CLOSE-UP: LIVE ISSUE/INTERACTIVE TV - How are agencies adapting to the new-media era? Does the new-media world require a new ad agency model, Alasdair Reid asks

Interactive television is about the art of possibility and the media companies developing the new systems obviously know most about what is possible.

Interactive television is about the art of possibility and the

media companies developing the new systems obviously know most about

what is possible.

Media owners clearly don’t want this story being diluted by

intermediaries, particularly not ad agencies whose lack of true

evangelical enthusiasm is, they might suspect, reflected in their lack

of focus.

One of the problems for agencies is that interactive tends to fall

between at least three stools. It involves the production of a

television commercial, of course, but you also need strategic and

technical expertise in designing and maintaining microsites in the

interactive domain.

You then need a good measure of direct marketing expertise because

direct customer contact is what interactive is all about.

So it’s often hard to work out which of the client’s many marketing

services companies should be taking a lead role in all of this.

Indeed, one or two clients have been voicing disappointment recently

that no-one seems to be stepping forward to fill this void.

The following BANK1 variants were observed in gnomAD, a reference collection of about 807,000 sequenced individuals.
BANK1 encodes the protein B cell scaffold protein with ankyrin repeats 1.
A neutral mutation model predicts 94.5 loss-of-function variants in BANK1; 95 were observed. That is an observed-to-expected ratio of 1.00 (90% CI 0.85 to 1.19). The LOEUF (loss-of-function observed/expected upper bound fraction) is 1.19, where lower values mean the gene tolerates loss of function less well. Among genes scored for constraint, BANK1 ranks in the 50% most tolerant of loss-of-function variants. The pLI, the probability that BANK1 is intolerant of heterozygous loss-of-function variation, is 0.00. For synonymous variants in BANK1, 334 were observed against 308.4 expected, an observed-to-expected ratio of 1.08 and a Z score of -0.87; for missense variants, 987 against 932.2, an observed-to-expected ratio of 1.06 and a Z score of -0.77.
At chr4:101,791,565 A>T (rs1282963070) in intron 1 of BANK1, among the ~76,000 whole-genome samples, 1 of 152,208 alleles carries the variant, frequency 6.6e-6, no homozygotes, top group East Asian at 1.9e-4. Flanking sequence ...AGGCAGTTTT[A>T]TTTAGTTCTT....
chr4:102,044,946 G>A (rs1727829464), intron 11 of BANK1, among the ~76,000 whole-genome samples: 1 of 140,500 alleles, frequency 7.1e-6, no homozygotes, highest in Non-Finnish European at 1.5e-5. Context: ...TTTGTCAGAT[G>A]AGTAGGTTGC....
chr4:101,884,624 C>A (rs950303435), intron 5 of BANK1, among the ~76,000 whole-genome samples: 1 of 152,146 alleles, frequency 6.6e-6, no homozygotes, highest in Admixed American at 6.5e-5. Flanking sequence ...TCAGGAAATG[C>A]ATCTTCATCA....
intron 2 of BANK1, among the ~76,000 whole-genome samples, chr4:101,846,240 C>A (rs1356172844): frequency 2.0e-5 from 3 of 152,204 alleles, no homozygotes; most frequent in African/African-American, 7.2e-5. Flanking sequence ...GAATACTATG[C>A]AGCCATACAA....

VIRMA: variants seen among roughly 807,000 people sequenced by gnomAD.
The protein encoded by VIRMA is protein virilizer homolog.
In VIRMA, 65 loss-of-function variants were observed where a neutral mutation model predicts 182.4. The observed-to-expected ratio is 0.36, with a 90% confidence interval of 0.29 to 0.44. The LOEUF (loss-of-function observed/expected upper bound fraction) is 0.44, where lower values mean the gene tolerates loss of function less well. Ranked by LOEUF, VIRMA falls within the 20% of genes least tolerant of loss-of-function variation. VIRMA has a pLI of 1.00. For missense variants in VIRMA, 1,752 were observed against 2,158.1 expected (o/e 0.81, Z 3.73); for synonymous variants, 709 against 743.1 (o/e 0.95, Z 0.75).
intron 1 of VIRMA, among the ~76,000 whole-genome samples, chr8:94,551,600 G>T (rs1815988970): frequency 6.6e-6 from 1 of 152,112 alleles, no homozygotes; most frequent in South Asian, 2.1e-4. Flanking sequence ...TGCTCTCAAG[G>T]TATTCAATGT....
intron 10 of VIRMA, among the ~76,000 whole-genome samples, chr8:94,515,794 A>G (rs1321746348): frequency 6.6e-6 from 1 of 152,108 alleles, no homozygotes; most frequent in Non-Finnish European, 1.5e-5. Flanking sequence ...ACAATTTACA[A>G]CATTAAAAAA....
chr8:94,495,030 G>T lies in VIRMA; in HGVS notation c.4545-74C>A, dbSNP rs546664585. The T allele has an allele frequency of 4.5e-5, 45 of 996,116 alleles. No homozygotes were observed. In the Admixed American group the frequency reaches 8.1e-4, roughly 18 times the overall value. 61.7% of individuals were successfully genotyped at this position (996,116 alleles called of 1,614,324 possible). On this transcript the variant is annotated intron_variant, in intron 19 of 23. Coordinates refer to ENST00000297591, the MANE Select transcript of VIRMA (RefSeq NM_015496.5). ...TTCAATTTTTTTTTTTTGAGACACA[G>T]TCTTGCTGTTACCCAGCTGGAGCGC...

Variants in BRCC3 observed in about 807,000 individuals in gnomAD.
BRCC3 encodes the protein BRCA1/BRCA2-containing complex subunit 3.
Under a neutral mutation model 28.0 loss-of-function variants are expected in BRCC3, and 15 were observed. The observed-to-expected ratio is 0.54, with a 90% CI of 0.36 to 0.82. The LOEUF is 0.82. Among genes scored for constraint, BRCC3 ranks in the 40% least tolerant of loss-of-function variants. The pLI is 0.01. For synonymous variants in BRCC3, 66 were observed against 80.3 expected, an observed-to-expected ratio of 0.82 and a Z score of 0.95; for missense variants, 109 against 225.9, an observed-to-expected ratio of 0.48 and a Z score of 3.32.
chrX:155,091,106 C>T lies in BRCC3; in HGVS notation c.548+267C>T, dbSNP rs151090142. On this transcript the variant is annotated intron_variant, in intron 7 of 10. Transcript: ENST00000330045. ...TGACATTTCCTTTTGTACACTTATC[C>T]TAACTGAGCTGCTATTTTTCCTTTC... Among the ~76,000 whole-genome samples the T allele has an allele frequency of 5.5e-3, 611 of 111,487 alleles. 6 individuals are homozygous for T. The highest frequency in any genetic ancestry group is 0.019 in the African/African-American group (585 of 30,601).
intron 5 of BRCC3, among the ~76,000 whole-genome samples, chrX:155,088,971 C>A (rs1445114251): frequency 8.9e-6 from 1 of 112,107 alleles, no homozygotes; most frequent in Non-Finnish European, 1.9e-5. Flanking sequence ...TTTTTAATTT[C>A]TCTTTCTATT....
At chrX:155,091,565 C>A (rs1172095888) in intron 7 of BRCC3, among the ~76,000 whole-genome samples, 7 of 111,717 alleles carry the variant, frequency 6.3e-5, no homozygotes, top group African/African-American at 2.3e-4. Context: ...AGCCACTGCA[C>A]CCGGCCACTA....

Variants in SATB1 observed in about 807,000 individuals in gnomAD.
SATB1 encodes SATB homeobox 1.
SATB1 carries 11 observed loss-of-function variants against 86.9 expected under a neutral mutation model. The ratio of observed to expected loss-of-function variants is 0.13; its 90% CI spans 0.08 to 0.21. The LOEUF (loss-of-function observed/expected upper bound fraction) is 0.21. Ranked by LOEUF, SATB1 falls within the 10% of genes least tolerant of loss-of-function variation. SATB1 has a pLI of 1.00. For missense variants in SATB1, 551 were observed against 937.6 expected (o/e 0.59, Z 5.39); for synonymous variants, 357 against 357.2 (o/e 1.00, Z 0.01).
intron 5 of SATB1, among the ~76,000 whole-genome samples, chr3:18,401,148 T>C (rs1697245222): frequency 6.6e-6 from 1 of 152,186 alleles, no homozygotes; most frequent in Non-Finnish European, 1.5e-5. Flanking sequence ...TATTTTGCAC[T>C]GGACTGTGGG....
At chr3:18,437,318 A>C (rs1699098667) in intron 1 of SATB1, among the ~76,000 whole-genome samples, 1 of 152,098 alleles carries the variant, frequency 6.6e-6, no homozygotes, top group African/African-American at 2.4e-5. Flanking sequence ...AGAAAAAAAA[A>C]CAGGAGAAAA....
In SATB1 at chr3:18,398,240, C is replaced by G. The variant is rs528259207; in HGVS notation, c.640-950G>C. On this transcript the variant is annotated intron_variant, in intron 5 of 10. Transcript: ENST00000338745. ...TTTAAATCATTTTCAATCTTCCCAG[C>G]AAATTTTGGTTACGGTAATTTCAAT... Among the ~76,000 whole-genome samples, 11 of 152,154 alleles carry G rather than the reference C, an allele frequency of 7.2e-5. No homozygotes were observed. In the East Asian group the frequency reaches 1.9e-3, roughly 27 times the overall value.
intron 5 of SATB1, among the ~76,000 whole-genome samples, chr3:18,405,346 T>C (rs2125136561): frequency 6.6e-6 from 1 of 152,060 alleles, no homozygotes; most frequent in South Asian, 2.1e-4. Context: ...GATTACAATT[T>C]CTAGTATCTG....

Which is why two recent interactive initiatives, one from BMP DDB and

the other from HHCL & Partners, should attract more than a passing

interest - not just from their existing clients but from the industry as

a whole.

Could either of these new operations provide a template for the sort of

unit that will come to ’own’ the interactive TV territory?

On the face of it, they embody very different approaches. BMP is

creating what amounts to a full-service interactive agency, called

BMPTVi, while HHCL has formed a strategic alliance with Cylo, a TV

production company with a substantial track record in interactive. Cylo

will work with HHCL to train its planners and creatives so they are

equipped to include interactive campaign elements at the earliest

possible stages of the development process.

Emma Jenks, the head of alliancing at HHCL, who is working with Susie

Brooks-Smith, Cylo’s UK managing director, and Alice Macinnes, its

director of technology and development, says: ’This is very much an HHCL

approach to things. We don’t compartmentalise. We don’t want an

e-department. Our approach is to infiltrate everyone in the agency with


BMPTVi embodies a more compartmentalised approach, though it will be

fully integrated with the workings of all other parts of the BMP


But it’s essentially a full-service agency for the new millennium, with

most of the core interactive disciplines under one roof - account

management, planning and brand strategy, a creative department and

specialists in interactive platform technologies.

Some of these functions will exist initially in a co-ordinating role,

for instance drawing together above-the-line, interactive and direct

response creative expertise from other parts of the group. On the media